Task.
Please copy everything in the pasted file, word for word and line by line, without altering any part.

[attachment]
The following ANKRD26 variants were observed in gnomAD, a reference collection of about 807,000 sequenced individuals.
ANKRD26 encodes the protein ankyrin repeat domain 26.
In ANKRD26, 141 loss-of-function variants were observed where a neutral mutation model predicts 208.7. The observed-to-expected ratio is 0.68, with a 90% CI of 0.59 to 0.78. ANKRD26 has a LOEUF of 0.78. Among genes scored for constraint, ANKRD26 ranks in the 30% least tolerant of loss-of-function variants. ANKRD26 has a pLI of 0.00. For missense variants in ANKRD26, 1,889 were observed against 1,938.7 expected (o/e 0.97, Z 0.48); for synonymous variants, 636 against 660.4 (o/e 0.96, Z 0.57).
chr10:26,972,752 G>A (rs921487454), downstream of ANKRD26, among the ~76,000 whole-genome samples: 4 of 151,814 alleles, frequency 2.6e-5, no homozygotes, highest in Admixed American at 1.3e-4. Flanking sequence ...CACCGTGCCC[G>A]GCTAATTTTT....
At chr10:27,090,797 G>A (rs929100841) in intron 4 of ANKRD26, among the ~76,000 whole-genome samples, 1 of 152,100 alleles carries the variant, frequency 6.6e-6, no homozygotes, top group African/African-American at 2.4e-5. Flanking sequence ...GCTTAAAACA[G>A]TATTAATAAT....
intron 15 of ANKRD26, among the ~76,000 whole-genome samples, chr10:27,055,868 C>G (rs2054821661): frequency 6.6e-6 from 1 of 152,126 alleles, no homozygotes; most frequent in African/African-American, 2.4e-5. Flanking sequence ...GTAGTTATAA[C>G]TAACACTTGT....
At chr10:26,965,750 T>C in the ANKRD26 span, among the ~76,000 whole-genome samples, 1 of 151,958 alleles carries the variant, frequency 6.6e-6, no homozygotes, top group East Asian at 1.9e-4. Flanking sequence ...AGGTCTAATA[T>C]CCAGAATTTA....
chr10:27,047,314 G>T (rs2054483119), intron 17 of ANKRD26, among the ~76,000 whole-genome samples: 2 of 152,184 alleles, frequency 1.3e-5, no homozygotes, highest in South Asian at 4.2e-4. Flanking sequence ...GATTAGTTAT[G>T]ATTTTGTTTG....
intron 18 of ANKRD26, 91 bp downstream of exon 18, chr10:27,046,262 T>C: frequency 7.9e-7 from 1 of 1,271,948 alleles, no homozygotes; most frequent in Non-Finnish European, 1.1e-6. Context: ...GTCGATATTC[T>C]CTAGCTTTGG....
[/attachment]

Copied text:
The following ANKRD26 variants were observed in gnomAD, a reference collection of about 807,000 sequenced individuals.
ANKRD26 encodes the protein ankyrin repeat domain 26.
In ANKRD26, 141 loss-of-function variants were observed where a neutral mutation model predicts 208.7. The observed-to-expected ratio is 0.68, with a 90% CI of 0.59 to 0.78. ANKRD26 has a LOEUF of 0.78. Among genes scored for constraint, ANKRD26 ranks in the 30% least tolerant of loss-of-function variants. ANKRD26 has a pLI of 0.00. For missense variants in ANKRD26, 1,889 were observed against 1,938.7 expected (o/e 0.97, Z 0.48); for synonymous variants, 636 against 660.4 (o/e 0.96, Z 0.57).
chr10:26,972,752 G>A (rs921487454), downstream of ANKRD26, among the ~76,000 whole-genome samples: 4 of 151,814 alleles, frequency 2.6e-5, no homozygotes, highest in Admixed American at 1.3e-4. Flanking sequence ...CACCGTGCCC[G>A]GCTAATTTTT....
At chr10:27,090,797 G>A (rs929100841) in intron 4 of ANKRD26, among the ~76,000 whole-genome samples, 1 of 152,100 alleles carries the variant, frequency 6.6e-6, no homozygotes, top group African/African-American at 2.4e-5. Flanking sequence ...GCTTAAAACA[G>A]TATTAATAAT....
intron 15 of ANKRD26, among the ~76,000 whole-genome samples, chr10:27,055,868 C>G (rs2054821661): frequency 6.6e-6 from 1 of 152,126 alleles, no homozygotes; most frequent in African/African-American, 2.4e-5. Flanking sequence ...GTAGTTATAA[C>G]TAACACTTGT....
At chr10:26,965,750 T>C in the ANKRD26 span, among the ~76,000 whole-genome samples, 1 of 151,958 alleles carries the variant, frequency 6.6e-6, no homozygotes, top group East Asian at 1.9e-4. Flanking sequence ...AGGTCTAATA[T>C]CCAGAATTTA....
chr10:27,047,314 G>T (rs2054483119), intron 17 of ANKRD26, among the ~76,000 whole-genome samples: 2 of 152,184 alleles, frequency 1.3e-5, no homozygotes, highest in South Asian at 4.2e-4. Flanking sequence ...GATTAGTTAT[G>T]ATTTTGTTTG....
intron 18 of ANKRD26, 91 bp downstream of exon 18, chr10:27,046,262 T>C: frequency 7.9e-7 from 1 of 1,271,948 alleles, no homozygotes; most frequent in Non-Finnish European, 1.1e-6. Context: ...GTCGATATTC[T>C]CTAGCTTTGG....